Recent media interest has centred on the convicted murderer, Peter
Manuel, who was executed in July 1958. Manuel was hanged in Barlinnie
prison in Glasgow almost 50 years ago, following trial and conviction
for the murder of seven people in the West of Scotland.
The National Archives of Scotland (NAS) holds many records about
the Manuel case, in particular the investigation by the police and
his prosecution by the Crown Office, his trial at the High Court
of Justiciary in Glasgow in May 1958 (during which he dismissed
his counsel and conducted his own defence) and Manuel's prison
files. The case serves as a good illustration of how the NAS works
under Freedom of Information legislation to allow public access
to government and court records of serious crimes and criminals,
while protecting the interests of victims of crime under Data Protection
Most of the records relating to Manuel and his crimes have been
open to the public for many years, although a small number remain
exempt or restricted, and are therefore closed to public inspection.
One prison file contains a series of medical and psychiatric reports
into Manuel's mental condition (NAS ref: HH60/703/1). Much speculation
at the time centred on Manuel's state of mind and his fitness to
plead, amid claims that he suffered from a form of epilepsy. Allegations
have since circulated that somehow this was hushed up and that the
authorities were keen to have Manuel hanged, negating any defence
of diminished responsibility. The medical reports confirm Manuel
underwent extensive testing, was considered fit to plead, and was
consequently subject to a sentence of execution. A report dated
20 February 1958, by a Dr John Gaylor, was of the opinion that the
electroencephalogram (E.E.G.) performed on Manuel "does not indicate
any particular pathological state. Such a record as he has shown,
even with the stimulation of hyperventilation, might well be displayed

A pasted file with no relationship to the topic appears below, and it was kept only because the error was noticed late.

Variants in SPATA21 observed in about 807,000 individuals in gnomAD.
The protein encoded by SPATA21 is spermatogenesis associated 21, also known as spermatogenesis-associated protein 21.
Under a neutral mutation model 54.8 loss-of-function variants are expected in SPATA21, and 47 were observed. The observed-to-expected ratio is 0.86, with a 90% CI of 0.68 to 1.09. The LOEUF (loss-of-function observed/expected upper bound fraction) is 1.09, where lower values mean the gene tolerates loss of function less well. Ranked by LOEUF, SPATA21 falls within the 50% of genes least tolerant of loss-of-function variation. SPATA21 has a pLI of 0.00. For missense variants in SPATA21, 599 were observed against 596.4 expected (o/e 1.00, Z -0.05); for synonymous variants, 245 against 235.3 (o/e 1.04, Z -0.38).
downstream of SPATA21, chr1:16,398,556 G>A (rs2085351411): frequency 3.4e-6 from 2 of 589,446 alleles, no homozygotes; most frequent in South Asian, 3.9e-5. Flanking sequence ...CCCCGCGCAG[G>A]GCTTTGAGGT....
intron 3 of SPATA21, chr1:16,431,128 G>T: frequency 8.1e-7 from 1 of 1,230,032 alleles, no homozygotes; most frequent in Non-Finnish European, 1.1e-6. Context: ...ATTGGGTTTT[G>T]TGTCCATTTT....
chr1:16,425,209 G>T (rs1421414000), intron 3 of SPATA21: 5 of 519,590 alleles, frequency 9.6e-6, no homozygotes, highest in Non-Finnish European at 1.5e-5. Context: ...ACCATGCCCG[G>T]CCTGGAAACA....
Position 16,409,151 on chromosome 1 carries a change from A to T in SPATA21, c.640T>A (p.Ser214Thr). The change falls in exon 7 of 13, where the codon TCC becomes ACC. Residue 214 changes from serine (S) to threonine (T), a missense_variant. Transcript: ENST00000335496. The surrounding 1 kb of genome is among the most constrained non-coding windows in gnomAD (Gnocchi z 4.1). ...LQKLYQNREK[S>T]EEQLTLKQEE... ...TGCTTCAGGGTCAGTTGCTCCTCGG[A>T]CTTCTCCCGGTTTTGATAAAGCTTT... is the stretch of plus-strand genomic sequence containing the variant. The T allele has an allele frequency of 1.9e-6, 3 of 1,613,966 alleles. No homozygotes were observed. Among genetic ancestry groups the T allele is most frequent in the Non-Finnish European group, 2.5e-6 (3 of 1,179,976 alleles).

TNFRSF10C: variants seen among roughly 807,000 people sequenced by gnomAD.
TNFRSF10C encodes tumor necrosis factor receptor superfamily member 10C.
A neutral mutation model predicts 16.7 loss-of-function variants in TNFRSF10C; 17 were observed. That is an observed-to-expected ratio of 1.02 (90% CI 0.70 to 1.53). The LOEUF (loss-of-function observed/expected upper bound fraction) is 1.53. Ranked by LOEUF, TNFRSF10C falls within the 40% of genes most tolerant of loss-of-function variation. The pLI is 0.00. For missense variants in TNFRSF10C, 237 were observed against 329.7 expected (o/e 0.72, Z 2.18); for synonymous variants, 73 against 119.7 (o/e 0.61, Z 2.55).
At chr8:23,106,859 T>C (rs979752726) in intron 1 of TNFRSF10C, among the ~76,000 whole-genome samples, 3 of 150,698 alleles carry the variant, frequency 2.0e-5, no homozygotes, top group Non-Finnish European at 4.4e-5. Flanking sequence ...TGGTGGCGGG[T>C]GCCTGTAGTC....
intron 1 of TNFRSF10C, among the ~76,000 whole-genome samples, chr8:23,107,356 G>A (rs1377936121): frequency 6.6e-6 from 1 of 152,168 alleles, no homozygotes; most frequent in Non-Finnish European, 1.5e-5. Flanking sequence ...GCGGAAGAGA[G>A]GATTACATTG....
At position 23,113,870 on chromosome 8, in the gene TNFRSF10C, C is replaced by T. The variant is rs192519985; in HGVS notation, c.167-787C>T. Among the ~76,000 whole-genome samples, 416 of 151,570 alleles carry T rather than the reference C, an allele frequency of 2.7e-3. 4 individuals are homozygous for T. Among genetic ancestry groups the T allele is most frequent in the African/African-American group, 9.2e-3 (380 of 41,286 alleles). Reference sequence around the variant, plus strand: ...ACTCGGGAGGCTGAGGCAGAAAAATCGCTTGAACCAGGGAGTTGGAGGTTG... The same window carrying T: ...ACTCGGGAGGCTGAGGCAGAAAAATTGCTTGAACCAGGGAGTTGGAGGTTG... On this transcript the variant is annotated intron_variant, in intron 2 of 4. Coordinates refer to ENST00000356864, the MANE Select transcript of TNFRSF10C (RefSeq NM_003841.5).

by a person without any history of epilepsy, amnesia or violent
After his trial, Manuel was held separately in Barlinnie prison
in what was known as the condemned cell. There he was closely monitored
by the prison authorities who kept a 'record of occurrences' (NAS
ref: HH16/295/2). These consisted of a detailed log of his movements
including any visits he received. It was maintained from the date
of sentencing to his final execution on 11 July 1958. The final
log entry reads '8.00 Prisoner executed'.
Records relating to Manuel
To facilitate further research on the Manuel case, we have published
details about the records held in the NAS and their current access
status under either the Freedom of Information (Scotland) Act 2002
or the Data Protection Act 1998.
a list of Crown Office, High Court of Justiciary and Scottish Government
records relating to Manuel, Acrobat PDF - 80.7MB, opens in new window).
You can read a selection of medical and psychiatric reports from Scottish Government files on the Manuel case by downloading the following PDFs:
Medical report by Dr David Alexander Robertson Anderson, Medical Officer, Barlinnie Prison, 29 Jan 1958.
Psychiatric report by Prof Thomas Ferguson Rodger, 18 Feb 1958
Medical reports by Dr John Baxter Gaylor, 20 Feb 1958 and undated.
Psychiatric report by Dr Hunter Gillies, 26 Mar 1958.
(NAS ref. HH60/703/1 (part 1) Acrobat PDF - 2.16MB, opens in new window)
Medical report by Dr Angus MacNiven, 28 Mar 1958.
Report by [AB Hume] of the Manuel Case and post-trial medical report on Peter Manuel in Barlinnie prison by Dr Anderson, Dr Inch, Prisons' Medical Adviser, and Dr Boyd, Scottish Home Department's Consultant Psychiatrist, 23 Jun 1958.
(NAS ref. HH60/703/1 (part 2) Acrobat PDF - 1.93MB, opens in new window)
First report of Medical Commissioners, HB Craigie and Laura MD Hill, on Peter Manuel, undated. Provides summary of previous medical and psychiatric reports, and account of further examination on 26 Jun 1958.
(NAS ref. HH60/703/1 (part 3) Acrobat PDF - 1.91MB, opens in new window)
Second report of Medical Commissioners on Peter Manuel, undated. Account of examination on 30 Jun 1958.
Report on the mental condition of Peter Thomas Anthony Manuel by Dr Angus MacNiven, 30 Jun 1958.
Submission to the Secretary of State for Scotland, John Maclay, by William Stuart Murrie, Secretary, Scottish Home Department, 2 Jul 1958.
(NAS ref. HH60/703/1 (part 4) Acrobat PDF - 1.51MB, opens in new window)
Other Criminal Cases
NAS also holds Crown Office records, High Court trials and government
files, most of which are open, about people who were convicted of
crimes, including details about people such as Oscar Slater, who
spent 20 years in prison following wrongful conviction for murder
in 1909, the Suffragettes, who during their struggle for women's
suffrage were force-fed while in prison, and the Red Clydesider
John Maclean, who was imprisoned during the First World War for
his outspoken anti-war speeches. We also hold papers about one of
Scotland's most famous safe-crackers and gaolbreakers, John Ramensky,
or 'Gentle Johnny'. Ramensky was an expert at blowing open safes
who won military honours for his services as a commando during the
Second World War.
Read about Gentle
Read the NAS guide to the records of crime and criminals.